Entries by

The changing myths of aviation

In this wide-ranging article, Dick Collins explores 9 myths about flying – some of which the FAA wants to bust, some of which the FAA perpetuates. Is GA safe? Not safe enough. Is learning to fly hard? No, but it’s not easy either. Read the complete article for a thought-provoking look at our shared wisdom.

Forced landings: is getting your shoes muddy the biggest risk?

I was always of two minds about forced landings after a power failure. One, if I thought the engine was going to quit I wouldn’t go flying. Two, I knew that engines did quit so I had best not be surprised if one did, and had best have a plan for what comes next.

Airplanes vs. blizzards: a few war stories

As the blizzard of 2016 was raging on January 23rd I looked at the video of stranded motorists, stuck cars, cars in ditches, and traffic snarls and wondered what in the world possessed those people to make them try to go somewhere. Then I scratched my head and remembered what possessed me when I used to challenge snowstorms in little airplanes. I was big on running the traps as scheduled and a blizzard was no excuse for not being there.

Killer autopilots? It is all in the eye of the beholder

It is my opinion that the debate over basic airmanship v. high-tech has become confused. Advances in information technology have done wonders for all forms of aviation and should be embraced by all. I think the jury is still out on some forms of automation though autopilots have gotten a lot better. They can still be deadly in the hands of a pilot who doesn’t fully understand the system.

If you lose control, it’ll ruin your whole day

Loss of control has been the number one cause of fatal private aviation accidents since the beginning of flying time. The phenomenon is actually one of the things that prompted my father to start Air Facts in 1938 and we have been talking about it here since that beginning. Rather than rehash all the information that has been cranked out by the government and the associations, let’s just have a discussion of the problem and how to avoid it.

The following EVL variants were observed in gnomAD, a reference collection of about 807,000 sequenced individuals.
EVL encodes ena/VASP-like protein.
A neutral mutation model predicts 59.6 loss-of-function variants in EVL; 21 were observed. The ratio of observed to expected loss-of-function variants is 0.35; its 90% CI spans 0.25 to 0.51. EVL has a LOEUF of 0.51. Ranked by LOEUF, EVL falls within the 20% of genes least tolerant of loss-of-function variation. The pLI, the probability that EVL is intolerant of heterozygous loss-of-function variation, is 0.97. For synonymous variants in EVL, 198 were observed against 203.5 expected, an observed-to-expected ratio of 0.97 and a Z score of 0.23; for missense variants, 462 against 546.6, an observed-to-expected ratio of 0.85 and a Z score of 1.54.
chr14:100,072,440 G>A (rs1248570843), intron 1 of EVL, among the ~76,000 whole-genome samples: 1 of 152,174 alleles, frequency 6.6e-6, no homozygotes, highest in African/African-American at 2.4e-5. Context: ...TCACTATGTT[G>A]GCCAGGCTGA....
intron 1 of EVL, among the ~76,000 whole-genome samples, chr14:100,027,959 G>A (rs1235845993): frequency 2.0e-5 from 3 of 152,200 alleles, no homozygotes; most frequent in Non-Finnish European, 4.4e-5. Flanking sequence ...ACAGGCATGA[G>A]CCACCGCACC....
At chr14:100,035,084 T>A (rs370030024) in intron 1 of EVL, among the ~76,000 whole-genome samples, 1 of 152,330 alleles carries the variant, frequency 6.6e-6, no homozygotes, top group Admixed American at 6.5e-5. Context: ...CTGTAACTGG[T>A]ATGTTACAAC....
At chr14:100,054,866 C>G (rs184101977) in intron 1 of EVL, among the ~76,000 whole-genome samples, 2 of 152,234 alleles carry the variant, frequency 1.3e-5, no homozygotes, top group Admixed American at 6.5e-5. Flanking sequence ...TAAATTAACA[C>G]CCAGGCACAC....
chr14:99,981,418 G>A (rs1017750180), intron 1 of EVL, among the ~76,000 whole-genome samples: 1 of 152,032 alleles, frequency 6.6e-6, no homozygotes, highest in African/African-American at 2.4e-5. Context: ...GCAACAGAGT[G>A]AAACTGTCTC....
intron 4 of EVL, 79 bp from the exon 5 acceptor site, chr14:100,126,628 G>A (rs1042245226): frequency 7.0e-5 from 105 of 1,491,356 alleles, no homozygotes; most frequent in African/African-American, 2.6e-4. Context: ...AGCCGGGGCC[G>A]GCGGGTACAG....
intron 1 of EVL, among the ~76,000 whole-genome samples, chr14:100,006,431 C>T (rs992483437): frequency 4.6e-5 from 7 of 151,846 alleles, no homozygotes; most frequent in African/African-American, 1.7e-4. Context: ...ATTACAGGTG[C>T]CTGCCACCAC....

Ten-hut: military flying excitement

In the latest installment in Richard Collins’s fascinating Logbooks series, he takes us back to some of his most memorable military flying adventures. All those flights, from the T-33 to landings on an aircraft carrier, lead Collins to one conclusion: “Tell me I didn’t have the best job in the world.”

Crashes: then and now

In a recent post I bemoaned the fact that the fatal accident rate for private flying had gone up to 1.40 per 100,000 hours after remaining level in the 1.20 range for almost 20 years. Guess what it was when Air Facts started in 1938? Would you believe 16.6, or, a fatal accident about every 6,000 hours.

Safety crisis – what’s going on?

The airlines have been able to parlay advances in technology and training to their near-perfect safety record. We have available every bit (and possibly more) in the way of high-tech stuff and yet the safety record doesn’t improve and has now apparently gotten worse. There is no question that something is badly out of place.

Pilot error or fumble?

It has long been standard to use the term “pilot error,” as in 86-percent of fatal GA accidents are caused by pilot error. But that it were so simple. To me it really starts with a pilot fumble. The ball is dropped, but the option is still there to recover. The error comes when the pilot fails to recover.

Smoke and flames report – is the GA safety picture changing?